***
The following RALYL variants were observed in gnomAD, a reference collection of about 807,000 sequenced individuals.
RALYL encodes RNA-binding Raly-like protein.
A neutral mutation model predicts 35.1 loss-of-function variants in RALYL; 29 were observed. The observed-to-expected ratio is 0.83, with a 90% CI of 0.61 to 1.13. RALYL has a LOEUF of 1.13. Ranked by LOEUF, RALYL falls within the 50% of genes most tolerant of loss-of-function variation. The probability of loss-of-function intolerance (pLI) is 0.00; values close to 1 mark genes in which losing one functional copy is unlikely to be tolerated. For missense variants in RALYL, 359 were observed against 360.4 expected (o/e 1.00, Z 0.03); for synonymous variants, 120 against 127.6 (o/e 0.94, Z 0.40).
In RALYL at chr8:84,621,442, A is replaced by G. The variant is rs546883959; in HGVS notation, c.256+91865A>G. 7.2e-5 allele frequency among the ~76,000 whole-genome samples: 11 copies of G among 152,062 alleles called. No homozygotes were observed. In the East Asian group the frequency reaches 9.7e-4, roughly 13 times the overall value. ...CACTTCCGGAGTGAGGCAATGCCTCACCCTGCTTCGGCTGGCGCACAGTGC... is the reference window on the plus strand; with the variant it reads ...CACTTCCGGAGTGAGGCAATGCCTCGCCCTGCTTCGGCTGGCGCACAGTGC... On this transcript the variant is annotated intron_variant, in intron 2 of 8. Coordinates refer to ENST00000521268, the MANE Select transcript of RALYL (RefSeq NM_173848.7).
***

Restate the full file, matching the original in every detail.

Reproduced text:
The following RALYL variants were observed in gnomAD, a reference collection of about 807,000 sequenced individuals.
RALYL encodes RNA-binding Raly-like protein.
A neutral mutation model predicts 35.1 loss-of-function variants in RALYL; 29 were observed. The observed-to-expected ratio is 0.83, with a 90% CI of 0.61 to 1.13. RALYL has a LOEUF of 1.13. Ranked by LOEUF, RALYL falls within the 50% of genes most tolerant of loss-of-function variation. The probability of loss-of-function intolerance (pLI) is 0.00; values close to 1 mark genes in which losing one functional copy is unlikely to be tolerated. For missense variants in RALYL, 359 were observed against 360.4 expected (o/e 1.00, Z 0.03); for synonymous variants, 120 against 127.6 (o/e 0.94, Z 0.40).
In RALYL at chr8:84,621,442, A is replaced by G. The variant is rs546883959; in HGVS notation, c.256+91865A>G. 7.2e-5 allele frequency among the ~76,000 whole-genome samples: 11 copies of G among 152,062 alleles called. No homozygotes were observed. In the East Asian group the frequency reaches 9.7e-4, roughly 13 times the overall value. ...CACTTCCGGAGTGAGGCAATGCCTCACCCTGCTTCGGCTGGCGCACAGTGC... is the reference window on the plus strand; with the variant it reads ...CACTTCCGGAGTGAGGCAATGCCTCGCCCTGCTTCGGCTGGCGCACAGTGC... On this transcript the variant is annotated intron_variant, in intron 2 of 8. Coordinates refer to ENST00000521268, the MANE Select transcript of RALYL (RefSeq NM_173848.7).